"the eagerness with which the Report is instrumentalized for political purposes ignores the fact that, as the economists performing the study themselves have emphasized, their findings do not provide evidence regarding the causal relationship between IP and the economic data. Instead of serving a better understanding of the economics of IP, such politically tainted over-interpretations might actually discredit the analytical results and the advances in setting up a comprehensive database of IPR utilization at the firm level". 
Thanks, Annette and Dietmar: your observations are duly noted.  Merpel wonders if we might hear a word or two from her friends in OHIM in response [there's little likelihood of a response from the EPO, Merpel notes, since that organisation is non-transparent, non-responsive and apparently de facto answerable to no-one: see my earlier blogpost on Eponia, here].


Around the weblogs. The IP Finance blog previews a fascinating seminar on the Patent Box on 9 September, which offers a generous 20% registration to IPKat readers.  SOLO IP carries Part III of the saga of this blogger's nomination for inclusion in a directory of trade mark practitioners, notwithstanding the fact that he doesn't practise and has no qualification to do so at all.  The jiplp weblog carries a neat piece by IP practitioner and scholar Nikos Prentoulis on the issue of proportionality as it affects applications for provisional injunctive relief in Greece, in the recent HARD ROCK litigation. Finally, "Should a person go to prison for stealing virtual goods?" asks the TechnoLlama, in an amusing post which reveals the fact that British MP and IP government advisor Mike Weatherley is a World of Warcraft player.


Obscure? Never --  but cheap at any price.  "Dozens of employees working for an obscure federal agency went years with little work to do, allowing them to collect salaries and bonuses while they shopped online, caught up on chores, watched television or walked the dog, an investigation revealed Tuesday. The probe by the Commerce Department’s inspector general found that paralegals at the U.S. Patent and Trademark Office’s appeals board were paid more than $5 million for their time even though there was so little work for them to do that supervisors didn’t care how they used it".  These are the gripping words that open this Washington Times piece, drawn to this Kat's attention by the noble and multiple-katpatted Chris Torrero. "The underworked paralegals and supervisors concealed non-work activities by recording hours under the pay code as “other time”", the article later states. Hmm, not much inventiveness there, sniffs Merpel.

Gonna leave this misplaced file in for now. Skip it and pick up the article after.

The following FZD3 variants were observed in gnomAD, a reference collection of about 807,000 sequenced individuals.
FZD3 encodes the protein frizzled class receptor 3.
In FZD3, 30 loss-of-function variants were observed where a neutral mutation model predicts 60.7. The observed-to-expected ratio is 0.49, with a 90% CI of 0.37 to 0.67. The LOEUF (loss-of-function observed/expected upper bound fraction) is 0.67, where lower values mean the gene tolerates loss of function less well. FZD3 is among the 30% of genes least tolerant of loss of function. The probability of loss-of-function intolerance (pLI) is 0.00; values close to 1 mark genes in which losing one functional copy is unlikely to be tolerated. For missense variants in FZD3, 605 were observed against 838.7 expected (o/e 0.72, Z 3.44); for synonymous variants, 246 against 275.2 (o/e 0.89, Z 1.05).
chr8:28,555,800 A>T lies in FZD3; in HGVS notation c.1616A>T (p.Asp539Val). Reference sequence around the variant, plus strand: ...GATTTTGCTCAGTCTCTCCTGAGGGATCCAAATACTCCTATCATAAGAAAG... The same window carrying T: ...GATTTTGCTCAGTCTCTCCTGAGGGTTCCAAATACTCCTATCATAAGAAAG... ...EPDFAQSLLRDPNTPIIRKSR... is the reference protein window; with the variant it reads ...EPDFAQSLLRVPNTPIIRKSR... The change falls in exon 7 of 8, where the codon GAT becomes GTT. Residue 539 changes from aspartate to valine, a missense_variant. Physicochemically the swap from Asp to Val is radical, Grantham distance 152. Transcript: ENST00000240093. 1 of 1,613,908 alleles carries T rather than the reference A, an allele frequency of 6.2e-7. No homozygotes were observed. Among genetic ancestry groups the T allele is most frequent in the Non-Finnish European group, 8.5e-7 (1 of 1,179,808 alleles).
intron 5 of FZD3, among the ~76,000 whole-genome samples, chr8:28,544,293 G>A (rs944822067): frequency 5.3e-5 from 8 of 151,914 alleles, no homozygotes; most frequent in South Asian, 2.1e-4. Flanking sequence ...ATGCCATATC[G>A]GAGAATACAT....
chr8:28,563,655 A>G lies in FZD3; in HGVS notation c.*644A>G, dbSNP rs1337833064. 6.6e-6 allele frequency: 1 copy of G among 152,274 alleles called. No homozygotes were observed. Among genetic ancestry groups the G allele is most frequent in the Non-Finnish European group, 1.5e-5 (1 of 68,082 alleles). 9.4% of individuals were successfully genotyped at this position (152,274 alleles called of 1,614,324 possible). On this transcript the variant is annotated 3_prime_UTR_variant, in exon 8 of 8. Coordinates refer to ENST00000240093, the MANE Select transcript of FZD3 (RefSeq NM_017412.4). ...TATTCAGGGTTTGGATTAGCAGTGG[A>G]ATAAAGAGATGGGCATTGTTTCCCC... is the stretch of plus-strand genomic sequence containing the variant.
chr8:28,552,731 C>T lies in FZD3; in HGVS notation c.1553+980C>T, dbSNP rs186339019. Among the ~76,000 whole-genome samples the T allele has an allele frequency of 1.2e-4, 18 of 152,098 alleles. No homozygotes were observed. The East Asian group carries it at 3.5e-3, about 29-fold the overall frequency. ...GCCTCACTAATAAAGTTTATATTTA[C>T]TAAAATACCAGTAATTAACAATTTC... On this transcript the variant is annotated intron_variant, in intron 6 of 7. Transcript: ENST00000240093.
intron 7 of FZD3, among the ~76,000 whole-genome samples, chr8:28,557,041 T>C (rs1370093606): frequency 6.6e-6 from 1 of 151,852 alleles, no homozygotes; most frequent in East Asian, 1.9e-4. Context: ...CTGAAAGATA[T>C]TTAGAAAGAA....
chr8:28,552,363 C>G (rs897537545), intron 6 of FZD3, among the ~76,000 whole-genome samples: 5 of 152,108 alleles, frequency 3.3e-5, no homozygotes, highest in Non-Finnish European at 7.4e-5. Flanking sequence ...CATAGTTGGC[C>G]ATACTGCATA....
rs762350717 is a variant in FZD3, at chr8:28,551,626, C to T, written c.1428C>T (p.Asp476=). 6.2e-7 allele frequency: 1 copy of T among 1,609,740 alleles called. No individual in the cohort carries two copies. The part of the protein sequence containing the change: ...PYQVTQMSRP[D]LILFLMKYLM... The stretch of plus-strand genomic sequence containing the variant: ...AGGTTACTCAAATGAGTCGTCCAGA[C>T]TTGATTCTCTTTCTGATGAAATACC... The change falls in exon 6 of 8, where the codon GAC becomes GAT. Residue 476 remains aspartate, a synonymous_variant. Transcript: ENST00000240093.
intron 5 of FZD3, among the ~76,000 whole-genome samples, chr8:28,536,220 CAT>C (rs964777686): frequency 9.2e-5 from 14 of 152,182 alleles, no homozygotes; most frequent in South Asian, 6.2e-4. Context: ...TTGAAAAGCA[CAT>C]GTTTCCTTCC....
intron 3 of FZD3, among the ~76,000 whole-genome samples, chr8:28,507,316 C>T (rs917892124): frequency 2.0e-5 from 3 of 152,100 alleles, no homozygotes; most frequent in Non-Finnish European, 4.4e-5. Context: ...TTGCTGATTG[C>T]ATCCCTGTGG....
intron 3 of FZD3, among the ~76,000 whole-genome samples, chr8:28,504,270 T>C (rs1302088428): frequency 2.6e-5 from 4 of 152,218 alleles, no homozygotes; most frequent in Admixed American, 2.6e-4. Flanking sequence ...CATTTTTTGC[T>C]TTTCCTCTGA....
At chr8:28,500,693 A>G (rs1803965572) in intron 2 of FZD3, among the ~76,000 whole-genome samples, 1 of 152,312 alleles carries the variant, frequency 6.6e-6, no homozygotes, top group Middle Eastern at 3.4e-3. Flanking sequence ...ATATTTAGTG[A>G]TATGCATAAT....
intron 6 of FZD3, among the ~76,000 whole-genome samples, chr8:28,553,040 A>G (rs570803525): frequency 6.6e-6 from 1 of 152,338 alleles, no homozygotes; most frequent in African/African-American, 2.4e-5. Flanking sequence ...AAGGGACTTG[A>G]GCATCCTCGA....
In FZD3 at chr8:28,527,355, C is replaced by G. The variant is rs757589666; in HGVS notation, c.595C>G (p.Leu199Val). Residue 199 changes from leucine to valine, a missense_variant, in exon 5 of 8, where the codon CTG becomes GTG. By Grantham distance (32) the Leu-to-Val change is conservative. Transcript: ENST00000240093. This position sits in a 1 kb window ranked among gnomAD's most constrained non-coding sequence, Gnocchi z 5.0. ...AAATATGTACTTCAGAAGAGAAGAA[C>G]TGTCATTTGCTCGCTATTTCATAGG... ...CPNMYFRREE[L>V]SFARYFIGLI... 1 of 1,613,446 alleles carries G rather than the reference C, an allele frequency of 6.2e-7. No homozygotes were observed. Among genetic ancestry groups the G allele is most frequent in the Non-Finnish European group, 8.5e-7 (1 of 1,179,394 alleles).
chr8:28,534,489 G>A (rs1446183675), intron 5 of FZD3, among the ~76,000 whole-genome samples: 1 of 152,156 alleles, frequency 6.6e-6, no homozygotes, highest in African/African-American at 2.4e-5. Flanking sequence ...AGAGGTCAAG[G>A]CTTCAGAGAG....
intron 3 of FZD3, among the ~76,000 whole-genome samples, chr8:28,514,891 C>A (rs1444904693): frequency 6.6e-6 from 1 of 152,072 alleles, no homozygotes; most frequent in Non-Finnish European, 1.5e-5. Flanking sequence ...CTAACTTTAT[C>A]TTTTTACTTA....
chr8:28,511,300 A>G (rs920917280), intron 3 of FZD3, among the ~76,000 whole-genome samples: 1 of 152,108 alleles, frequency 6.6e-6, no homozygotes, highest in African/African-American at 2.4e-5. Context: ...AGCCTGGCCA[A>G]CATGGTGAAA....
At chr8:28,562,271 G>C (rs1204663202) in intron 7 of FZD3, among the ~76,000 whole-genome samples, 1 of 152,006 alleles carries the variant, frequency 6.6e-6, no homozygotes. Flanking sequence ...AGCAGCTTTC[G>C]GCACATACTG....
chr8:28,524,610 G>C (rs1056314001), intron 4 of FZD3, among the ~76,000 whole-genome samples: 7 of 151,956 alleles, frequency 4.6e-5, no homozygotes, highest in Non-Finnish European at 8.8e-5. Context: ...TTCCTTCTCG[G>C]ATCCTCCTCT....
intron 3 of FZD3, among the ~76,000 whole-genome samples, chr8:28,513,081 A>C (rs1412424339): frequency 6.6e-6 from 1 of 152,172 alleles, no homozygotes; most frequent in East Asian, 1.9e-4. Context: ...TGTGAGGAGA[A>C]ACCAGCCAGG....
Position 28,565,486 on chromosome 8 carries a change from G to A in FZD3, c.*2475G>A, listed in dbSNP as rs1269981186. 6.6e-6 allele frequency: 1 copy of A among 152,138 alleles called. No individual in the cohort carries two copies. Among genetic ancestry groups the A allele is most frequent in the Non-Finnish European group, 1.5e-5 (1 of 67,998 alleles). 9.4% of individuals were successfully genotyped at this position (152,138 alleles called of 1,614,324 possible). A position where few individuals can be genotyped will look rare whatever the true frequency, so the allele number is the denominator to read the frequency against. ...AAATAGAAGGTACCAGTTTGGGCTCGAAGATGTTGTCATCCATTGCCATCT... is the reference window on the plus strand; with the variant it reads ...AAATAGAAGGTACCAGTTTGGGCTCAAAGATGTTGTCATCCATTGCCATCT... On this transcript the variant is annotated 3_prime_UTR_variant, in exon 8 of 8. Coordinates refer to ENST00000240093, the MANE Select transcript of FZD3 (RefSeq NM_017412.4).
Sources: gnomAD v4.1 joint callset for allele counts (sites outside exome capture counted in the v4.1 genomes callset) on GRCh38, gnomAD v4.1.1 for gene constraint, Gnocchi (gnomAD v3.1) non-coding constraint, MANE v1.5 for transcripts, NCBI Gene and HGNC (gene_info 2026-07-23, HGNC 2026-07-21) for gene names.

1 comment:

Anonymous said...


Interesting that the OHIM/EPO report has a slightly sceptical and nuanced approach to IPRs. It notes:

'...regarding the effects of file sharing and other forms of (mostly illegal) downloading, the study offers much less information and specialized research than what was provided by previous investigations of the music market, most of which arrived at the (certainly not uncontestable) conclusion that the overall economic damage inflicted by such practices is rather modest, if traceable at all.'

Subscribe to the IPKat's posts by email here

Just pop your email address into the box and click 'Subscribe':